I was born in Zambia and moved to South Africa at the age of 10. I majored in statistics, actuarial science and physics. I obtained my Masters degree from the University of the Witwatersrand in 2006 and my PhD from the University of Cape Town in 2010 (both my higher degrees were in Mathematical Statistics). I also have a diploma in Actuarial techniques from the Faculty of Actuaries, Scotland. I work as a lecturer at UCT and am a member of the AIMS Cosmology and Astrophysics research group.
What inspired you to study science, and astrophysics?
I remember reading a popular science account by Stephen Hawking on Einstein’s theory of Relativity. The article introduced me to a universe that, despite being overwhelmingly counter-intuitive, was thoroughly captivating. I still retain a sense of wonder at just how intricately and beautifully structured our universe is; even at the crude levels of our perception.
Do you have a role model in science?
Any scientist that has pursued the truth with humility and with honesty.
A quote that inspires you?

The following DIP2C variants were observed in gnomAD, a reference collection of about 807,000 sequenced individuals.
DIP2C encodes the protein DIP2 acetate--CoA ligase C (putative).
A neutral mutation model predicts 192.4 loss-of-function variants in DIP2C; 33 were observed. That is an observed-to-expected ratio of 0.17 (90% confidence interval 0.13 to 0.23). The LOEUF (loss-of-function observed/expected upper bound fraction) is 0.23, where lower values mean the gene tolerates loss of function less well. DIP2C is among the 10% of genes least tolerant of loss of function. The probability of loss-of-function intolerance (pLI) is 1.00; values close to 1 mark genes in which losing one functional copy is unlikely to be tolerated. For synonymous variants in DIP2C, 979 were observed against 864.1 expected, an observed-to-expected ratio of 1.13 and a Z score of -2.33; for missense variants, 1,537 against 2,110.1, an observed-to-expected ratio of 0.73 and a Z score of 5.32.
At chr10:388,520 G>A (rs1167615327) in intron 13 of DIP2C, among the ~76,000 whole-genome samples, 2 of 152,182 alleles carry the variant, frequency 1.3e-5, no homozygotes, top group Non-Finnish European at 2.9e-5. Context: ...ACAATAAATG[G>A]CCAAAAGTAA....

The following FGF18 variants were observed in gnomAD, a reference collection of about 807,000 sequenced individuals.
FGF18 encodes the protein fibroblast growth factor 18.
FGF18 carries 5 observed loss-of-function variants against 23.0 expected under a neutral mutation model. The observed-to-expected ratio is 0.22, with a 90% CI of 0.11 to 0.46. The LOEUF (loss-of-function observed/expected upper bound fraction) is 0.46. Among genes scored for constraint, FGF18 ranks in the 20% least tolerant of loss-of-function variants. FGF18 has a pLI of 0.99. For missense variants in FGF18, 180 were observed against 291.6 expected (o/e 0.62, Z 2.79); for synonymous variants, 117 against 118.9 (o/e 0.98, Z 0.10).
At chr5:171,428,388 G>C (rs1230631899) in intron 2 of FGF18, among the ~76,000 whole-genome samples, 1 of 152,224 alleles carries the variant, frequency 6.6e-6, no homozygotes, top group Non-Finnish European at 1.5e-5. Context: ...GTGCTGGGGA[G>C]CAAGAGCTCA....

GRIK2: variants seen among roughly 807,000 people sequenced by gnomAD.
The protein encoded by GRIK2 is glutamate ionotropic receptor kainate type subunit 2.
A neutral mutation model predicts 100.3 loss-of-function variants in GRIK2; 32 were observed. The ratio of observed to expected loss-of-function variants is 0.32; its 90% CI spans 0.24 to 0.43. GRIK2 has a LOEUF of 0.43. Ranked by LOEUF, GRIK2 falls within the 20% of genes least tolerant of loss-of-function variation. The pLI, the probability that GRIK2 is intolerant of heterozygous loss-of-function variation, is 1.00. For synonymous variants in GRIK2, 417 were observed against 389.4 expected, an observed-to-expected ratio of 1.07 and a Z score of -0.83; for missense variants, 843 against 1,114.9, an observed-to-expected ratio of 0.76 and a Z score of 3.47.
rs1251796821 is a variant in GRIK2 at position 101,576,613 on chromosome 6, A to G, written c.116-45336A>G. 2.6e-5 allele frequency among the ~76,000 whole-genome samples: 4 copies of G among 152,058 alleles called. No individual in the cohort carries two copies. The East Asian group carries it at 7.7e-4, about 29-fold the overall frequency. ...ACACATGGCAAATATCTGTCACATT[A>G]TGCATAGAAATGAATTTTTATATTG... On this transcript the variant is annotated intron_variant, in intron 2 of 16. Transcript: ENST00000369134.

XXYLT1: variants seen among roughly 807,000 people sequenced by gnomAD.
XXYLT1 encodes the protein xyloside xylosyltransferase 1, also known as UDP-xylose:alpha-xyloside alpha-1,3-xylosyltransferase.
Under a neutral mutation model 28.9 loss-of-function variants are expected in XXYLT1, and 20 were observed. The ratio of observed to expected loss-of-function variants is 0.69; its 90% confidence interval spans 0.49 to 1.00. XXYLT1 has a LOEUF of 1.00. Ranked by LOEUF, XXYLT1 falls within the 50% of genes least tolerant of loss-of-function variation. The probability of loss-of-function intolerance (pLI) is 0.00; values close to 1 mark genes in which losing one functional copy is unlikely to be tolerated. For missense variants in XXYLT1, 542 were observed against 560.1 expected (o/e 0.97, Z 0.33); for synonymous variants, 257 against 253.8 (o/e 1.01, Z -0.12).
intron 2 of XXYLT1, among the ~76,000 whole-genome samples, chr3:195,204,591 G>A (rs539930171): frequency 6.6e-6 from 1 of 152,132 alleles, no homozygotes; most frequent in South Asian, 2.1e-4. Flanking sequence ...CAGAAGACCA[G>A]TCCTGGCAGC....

“Mathematics, rightly viewed, possesses not only truth, but supreme beauty – a beauty cold and austere, like that of sculpture, without appeal to any part of our weaker nature, without the gorgeous trappings of painting or music, yet sublimely pure, and capable of a stern perfection such as only the greatest art can show. The true spirit of delight, the exaltation, the sense of being more than Man, which is the touchstone of the highest excellence, is to be found in mathematics as surely as in poetry.”
— Bertrand Russell
Statistical methods in Cosmology
The analysis of diffusion processes is often difficult: the analytical solutions to diffusion processes are only known for a few special cases. I am interested in finding approximations to the probability distribution of diffusion processes and consequently using these approximations for statistical inference. Other areas of statistics that I am interested in include nonparametric statistics and clustering.
I am also very interested in the application of statistics to the fields of cosmology, astronomy and ecology.
A list of all Melvin’s papers can be found here.
Favourite reference papers:
- Maximum likelihood estimation of discretely sampled diffusions: a closed-form approximation approach – Y. Ait-Sahalia, Econometrica, 2002
Download from IDEAS
- Statistical modelling of environmental variation for biological populations – G. Marion, E. Renshaw, G. Gibson, 2000
- Bayesian estimation applied to multiple species – M. Kunz, B.A. Bassett, R.A., Hlozek